The second email was from one of my friends at Shaolin. Phase 3 had begun. This was the final phase of the controversial relocation of Shaolin village away from the Temple that began in the year 2000 (see Karmic Wheel Turns at Shaolin Temple, DEC 2000.) Phase 2 occurred just prior to the last Shaolin festival in 2001 (see The State of Shaolin Temple, JAN/FEB 2002.) Now, after this final phase, Shaolin village was no more than rubble.

Beijing AirportComing through Beijing airport, masked travelers drifted like hungry ghosts through the ominous landscape of baggage claim. I did get stopped at the security gate, but not for SARS. I had two bottles of single malt scotch in my carry on, gifts for friends from the Duty Free shop in SFO airport. It's now illegal to carry liquor on domestic flights. Having already checked my luggage, I had to scramble back through the terminal to get a small briefcase for checking the bottles in before clearing security. Of course, on the other side of that security gate (and right next to the boarding gate) there was a gift store selling bottles of liquor. Ah, China, only this mighty nation could conceive of such petty bureaucracy. Fortunately, both my health and liquor made it intact. Getting home would be another story.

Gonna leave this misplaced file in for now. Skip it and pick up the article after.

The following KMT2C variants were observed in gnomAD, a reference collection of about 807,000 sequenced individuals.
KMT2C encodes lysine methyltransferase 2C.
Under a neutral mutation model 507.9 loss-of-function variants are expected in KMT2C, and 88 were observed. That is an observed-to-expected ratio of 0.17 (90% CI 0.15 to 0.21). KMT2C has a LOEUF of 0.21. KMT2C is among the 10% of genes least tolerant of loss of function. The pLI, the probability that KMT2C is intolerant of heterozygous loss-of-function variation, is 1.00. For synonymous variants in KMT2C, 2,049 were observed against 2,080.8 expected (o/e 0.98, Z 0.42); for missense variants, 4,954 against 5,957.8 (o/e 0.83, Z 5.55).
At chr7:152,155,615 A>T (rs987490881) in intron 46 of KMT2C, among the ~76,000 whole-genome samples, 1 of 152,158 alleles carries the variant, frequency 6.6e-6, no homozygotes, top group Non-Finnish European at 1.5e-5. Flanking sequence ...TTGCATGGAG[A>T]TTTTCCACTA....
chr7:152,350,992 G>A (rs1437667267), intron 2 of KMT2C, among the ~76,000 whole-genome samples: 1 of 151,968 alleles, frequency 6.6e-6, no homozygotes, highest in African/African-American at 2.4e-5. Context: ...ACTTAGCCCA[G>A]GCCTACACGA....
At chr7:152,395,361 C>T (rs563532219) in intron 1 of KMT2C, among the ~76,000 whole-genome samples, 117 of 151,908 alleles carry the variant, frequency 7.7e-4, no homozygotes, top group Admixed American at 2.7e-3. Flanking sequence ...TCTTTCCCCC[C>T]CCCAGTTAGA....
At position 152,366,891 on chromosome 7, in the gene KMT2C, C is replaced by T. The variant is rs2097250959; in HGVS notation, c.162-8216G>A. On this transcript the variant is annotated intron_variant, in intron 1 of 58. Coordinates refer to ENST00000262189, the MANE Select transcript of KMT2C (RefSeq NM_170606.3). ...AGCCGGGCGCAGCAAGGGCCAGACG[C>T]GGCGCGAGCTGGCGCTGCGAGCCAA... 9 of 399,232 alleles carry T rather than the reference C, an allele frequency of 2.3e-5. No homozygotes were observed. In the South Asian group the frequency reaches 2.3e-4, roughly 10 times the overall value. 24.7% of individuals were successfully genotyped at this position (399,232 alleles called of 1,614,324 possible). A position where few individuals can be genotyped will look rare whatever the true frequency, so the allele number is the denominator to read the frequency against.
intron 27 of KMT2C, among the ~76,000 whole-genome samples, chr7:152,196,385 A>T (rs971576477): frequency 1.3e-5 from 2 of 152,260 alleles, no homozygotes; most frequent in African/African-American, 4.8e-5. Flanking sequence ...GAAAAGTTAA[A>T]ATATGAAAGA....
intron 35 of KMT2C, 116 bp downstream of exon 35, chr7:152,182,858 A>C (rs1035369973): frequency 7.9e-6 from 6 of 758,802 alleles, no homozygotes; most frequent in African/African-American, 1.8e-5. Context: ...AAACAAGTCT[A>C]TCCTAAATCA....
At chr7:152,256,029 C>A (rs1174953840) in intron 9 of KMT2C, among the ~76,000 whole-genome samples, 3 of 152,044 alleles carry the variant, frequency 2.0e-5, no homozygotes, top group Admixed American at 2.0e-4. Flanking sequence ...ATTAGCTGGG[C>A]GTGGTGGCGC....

Dengfeng and the War
"And there went out another horse that was red: and power was given to him that sat thereon to take peace from the earth..." REV 6:4

I checked into my Dengfeng hotel under the cover of night, strung out from 19 hours of continuous travel. Despite my lack of sleep, the 16-hour time difference had me up before daybreak. Since it was too dark to go out, I turned on the tube. When traveling alone, television often becomes my constant companion. It made my first China morning into a rude awaking, time for the red horse to gallop in. The news was filled with images of Iraq, but not the patriotic coverage we were getting back in the states. These were images of civilian amputees, of babies in fragments, the cries of children and the other songs of war. It was the sick and awful side of "shock and awe." No matter what your stance is on the war, if you don't see suffering, you aren't seeing the real war. War is hell.